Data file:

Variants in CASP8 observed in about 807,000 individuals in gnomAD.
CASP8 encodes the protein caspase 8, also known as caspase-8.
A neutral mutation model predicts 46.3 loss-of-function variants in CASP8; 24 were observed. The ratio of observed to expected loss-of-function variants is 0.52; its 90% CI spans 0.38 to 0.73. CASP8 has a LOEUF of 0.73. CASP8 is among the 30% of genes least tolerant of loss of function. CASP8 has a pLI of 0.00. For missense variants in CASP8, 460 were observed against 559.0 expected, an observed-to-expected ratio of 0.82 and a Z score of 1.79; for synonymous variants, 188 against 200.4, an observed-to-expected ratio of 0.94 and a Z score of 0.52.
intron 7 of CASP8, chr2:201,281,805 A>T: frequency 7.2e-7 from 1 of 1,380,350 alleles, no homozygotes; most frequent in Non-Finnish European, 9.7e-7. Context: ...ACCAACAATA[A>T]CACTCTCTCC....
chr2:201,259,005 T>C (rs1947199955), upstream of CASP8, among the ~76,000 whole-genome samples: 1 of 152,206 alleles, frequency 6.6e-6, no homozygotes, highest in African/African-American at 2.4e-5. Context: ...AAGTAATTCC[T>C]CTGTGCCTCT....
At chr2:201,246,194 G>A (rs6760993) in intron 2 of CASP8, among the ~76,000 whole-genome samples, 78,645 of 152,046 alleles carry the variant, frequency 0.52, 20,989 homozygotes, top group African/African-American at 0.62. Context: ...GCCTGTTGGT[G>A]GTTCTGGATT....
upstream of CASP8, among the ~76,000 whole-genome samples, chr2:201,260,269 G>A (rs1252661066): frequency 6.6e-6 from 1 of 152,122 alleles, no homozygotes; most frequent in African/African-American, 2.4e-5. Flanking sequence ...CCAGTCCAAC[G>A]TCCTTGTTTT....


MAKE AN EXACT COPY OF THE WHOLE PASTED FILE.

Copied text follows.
Variants in CASP8 observed in about 807,000 individuals in gnomAD.
CASP8 encodes the protein caspase 8, also known as caspase-8.
A neutral mutation model predicts 46.3 loss-of-function variants in CASP8; 24 were observed. The ratio of observed to expected loss-of-function variants is 0.52; its 90% CI spans 0.38 to 0.73. CASP8 has a LOEUF of 0.73. CASP8 is among the 30% of genes least tolerant of loss of function. CASP8 has a pLI of 0.00. For missense variants in CASP8, 460 were observed against 559.0 expected, an observed-to-expected ratio of 0.82 and a Z score of 1.79; for synonymous variants, 188 against 200.4, an observed-to-expected ratio of 0.94 and a Z score of 0.52.
intron 7 of CASP8, chr2:201,281,805 A>T: frequency 7.2e-7 from 1 of 1,380,350 alleles, no homozygotes; most frequent in Non-Finnish European, 9.7e-7. Context: ...ACCAACAATA[A>T]CACTCTCTCC....
chr2:201,259,005 T>C (rs1947199955), upstream of CASP8, among the ~76,000 whole-genome samples: 1 of 152,206 alleles, frequency 6.6e-6, no homozygotes, highest in African/African-American at 2.4e-5. Context: ...AAGTAATTCC[T>C]CTGTGCCTCT....
At chr2:201,246,194 G>A (rs6760993) in intron 2 of CASP8, among the ~76,000 whole-genome samples, 78,645 of 152,046 alleles carry the variant, frequency 0.52, 20,989 homozygotes, top group African/African-American at 0.62. Context: ...GCCTGTTGGT[G>A]GTTCTGGATT....
upstream of CASP8, among the ~76,000 whole-genome samples, chr2:201,260,269 G>A (rs1252661066): frequency 6.6e-6 from 1 of 152,122 alleles, no homozygotes; most frequent in African/African-American, 2.4e-5. Flanking sequence ...CCAGTCCAAC[G>A]TCCTTGTTTT....